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matthewpstyles

New Member
i am not going to get into a point scoring thing, nor am i going to quote where i used to study, currently study, or the research im involved in currently....

in terms of what i have said being representative of reptiles, it is a broad summary based on nearly 50 years of scientific publication.

i completely agree with the better safe than sorry point, and if you look, i have provided more than one opinion as to what could be the case. i have not said i am correct, as i am not able to physically examine the animal, and diagnosis cannot often be made through the picture.

@ferretinmyshoes
i did not mean to cause offense, i hope it wasnt taken that way, and i do not doubt that you are widely knowledgeable in the subject.
 

ferretinmyshoes

Veterinarian
Staff member
It doesn't even matter who has more experience here, the point is that at this point a vet will give this person the most answers, especially with a history of lethargy and eye problems.
 

langers2004

New Member
is the chameleon always that colour? my veiled literally goes black on one side of her back just like that when she feels uncomfortable or when she is conserving heat... so it may well not be a burn, it may be a natural pigmentation... but do go and get it checked out.

to me, it doesnt look like a fungal infection. youd know if it were, as you would see fluffy lumps, only very small, but noticable. bacterial infections often result in sores and open wounds, so again this might not be the case.



@ferretinmyshoes
dont think there is any reason to cause panic btw. having been involved acadmically with many animals of various species, there is often a logical explanation. panic may lead to irrational options and the animal may not recieve the best treatment/ help.

so yea, have it checked out and perhaps review where your lighting and heating systems are if it turns out to be a burn!

Yer he has always been pretty dark. But someone has now mentioned a condition were over uv can cause this colour change however it is not a burn.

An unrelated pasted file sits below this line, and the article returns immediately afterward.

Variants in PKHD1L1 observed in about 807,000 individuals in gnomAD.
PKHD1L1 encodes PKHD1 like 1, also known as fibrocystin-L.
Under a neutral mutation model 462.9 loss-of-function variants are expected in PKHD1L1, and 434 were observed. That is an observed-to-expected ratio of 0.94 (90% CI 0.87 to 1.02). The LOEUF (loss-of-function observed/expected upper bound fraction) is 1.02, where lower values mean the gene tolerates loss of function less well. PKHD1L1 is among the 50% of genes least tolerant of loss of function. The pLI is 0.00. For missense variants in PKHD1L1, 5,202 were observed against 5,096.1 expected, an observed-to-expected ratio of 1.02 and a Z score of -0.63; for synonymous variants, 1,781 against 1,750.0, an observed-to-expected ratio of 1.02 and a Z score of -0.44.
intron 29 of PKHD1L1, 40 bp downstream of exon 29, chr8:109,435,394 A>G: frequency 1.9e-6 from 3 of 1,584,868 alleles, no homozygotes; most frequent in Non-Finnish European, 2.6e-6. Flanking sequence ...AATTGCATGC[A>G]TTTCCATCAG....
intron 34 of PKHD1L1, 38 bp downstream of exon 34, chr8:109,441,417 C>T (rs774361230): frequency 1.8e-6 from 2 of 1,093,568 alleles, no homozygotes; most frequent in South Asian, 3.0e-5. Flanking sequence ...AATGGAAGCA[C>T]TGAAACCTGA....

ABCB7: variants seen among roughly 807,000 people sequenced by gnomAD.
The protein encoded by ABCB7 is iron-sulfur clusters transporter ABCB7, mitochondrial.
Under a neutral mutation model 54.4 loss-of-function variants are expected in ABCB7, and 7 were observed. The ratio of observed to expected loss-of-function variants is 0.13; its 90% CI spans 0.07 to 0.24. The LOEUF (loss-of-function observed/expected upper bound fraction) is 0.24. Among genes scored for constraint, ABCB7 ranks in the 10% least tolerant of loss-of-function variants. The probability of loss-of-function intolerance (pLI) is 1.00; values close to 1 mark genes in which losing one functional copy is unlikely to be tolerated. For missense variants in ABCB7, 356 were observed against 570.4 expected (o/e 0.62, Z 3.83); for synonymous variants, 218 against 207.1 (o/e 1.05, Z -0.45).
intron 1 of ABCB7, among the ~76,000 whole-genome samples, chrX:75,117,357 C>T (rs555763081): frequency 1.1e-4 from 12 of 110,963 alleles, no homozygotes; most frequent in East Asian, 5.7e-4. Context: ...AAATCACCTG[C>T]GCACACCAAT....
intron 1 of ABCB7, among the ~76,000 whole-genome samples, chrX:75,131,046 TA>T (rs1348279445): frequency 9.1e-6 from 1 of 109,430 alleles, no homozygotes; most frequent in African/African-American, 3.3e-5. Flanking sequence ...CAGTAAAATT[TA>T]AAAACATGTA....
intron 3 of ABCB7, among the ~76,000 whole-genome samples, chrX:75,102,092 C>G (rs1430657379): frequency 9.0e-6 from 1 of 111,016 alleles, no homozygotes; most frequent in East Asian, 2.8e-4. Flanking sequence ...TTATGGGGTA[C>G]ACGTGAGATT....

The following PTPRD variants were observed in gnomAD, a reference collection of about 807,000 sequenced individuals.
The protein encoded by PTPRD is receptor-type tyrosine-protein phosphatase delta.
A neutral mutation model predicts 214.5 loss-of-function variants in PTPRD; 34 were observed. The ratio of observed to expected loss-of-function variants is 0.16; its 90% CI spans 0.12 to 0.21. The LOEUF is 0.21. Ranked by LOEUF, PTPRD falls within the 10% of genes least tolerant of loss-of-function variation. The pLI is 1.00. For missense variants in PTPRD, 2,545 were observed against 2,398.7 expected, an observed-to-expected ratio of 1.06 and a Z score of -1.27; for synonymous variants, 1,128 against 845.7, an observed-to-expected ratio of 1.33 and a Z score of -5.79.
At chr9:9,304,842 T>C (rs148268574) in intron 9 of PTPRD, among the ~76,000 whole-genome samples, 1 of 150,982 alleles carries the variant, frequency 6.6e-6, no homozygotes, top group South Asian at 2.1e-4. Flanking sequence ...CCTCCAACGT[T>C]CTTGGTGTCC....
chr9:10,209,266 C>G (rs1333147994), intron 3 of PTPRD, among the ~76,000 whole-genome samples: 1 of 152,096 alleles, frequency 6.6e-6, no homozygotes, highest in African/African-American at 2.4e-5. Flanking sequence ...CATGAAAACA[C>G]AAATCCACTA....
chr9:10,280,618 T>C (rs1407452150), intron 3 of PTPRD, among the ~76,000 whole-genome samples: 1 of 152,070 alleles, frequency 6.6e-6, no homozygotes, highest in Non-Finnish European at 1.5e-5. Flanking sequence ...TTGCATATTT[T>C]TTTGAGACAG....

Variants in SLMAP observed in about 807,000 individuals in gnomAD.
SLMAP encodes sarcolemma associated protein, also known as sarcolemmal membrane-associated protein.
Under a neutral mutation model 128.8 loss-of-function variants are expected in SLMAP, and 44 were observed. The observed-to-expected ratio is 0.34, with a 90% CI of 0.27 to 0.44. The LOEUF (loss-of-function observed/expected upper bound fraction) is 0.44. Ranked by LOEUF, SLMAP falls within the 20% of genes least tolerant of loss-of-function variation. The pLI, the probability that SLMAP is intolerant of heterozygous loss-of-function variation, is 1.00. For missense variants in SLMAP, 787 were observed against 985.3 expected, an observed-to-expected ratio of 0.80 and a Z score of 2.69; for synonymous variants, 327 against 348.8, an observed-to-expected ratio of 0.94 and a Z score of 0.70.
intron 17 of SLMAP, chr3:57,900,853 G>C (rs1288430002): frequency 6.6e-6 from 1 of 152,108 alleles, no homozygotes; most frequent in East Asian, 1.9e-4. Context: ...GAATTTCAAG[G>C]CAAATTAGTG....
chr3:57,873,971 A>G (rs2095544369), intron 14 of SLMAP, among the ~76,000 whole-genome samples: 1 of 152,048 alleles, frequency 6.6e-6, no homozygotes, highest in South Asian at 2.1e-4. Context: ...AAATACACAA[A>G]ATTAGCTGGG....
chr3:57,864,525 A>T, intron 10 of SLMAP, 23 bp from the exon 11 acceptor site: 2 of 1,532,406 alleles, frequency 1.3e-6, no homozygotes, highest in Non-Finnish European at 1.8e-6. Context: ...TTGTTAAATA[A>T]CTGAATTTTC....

Chams appratenly go this colour when in direct sunlight anyway something to do with blocking uv or heat or something.

Im moving my lighting as i was told that it needed to be 4" from the top of the cage but infact it needs to be 12

Im also getting some drops for his eyes incase he has scratched them or anything.

thanks for your help though
 

langers2004

New Member
It doesn't even matter who has more experience here, the point is that at this point a vet will give this person the most answers, especially with a history of lethargy and eye problems.
Definitely nothing like those pics.

Close up his skin wtill looks perfect just a different colour
 

ferretinmyshoes

Veterinarian
Staff member
Langers - it looks like you're on the right track with the husbandry answers you provided but I have just a few suggestions:

Chams need warmth to digest their food so if you want to feed him twice a day I would do it in the morning and afternoon no later than 3pm so he has plenty of time to digest his food before going to bed that night.

Gut loading is absolutely critical to good health, especially in a growing boy! You will want to provide dark leafy greens such as collards, kale, turnip greens, dandelions and a mix of fruits and veggies. The link in my signature has nutritional info on commonly available fruits and veggies to give you an idea of what to use. Aim for those higher in calcium than phosphorus and avoid goitrogens and oxalates as they interfere with calcium absorption. It's a list made for iguanas but the concepts are the same. Feeding those to your crickets before they are fed to your Cham will definitely be much better for him.

Dusting schedule most commonly recommended is calcium (without D3 or phosphorus) at every feeding and alternate once a week between a multivitamin and calcium with D3 so those are given twice a month.

Remember that UVB bulbs only last about 6 months so you will need to change the bulb twice a year even if it's still shining because it is not outputting adequate levels of UVB.

If you have any questions about any of that please feel free to ask. I hope you get an answer for your little guy and he improves soon! :)
 

matthewpstyles

New Member
it might be like mine then after all. yeah, they have quite afew layers of skin, and to protect the more sensitive ones from uv and other forms of light based damage, they can darken the surface layers.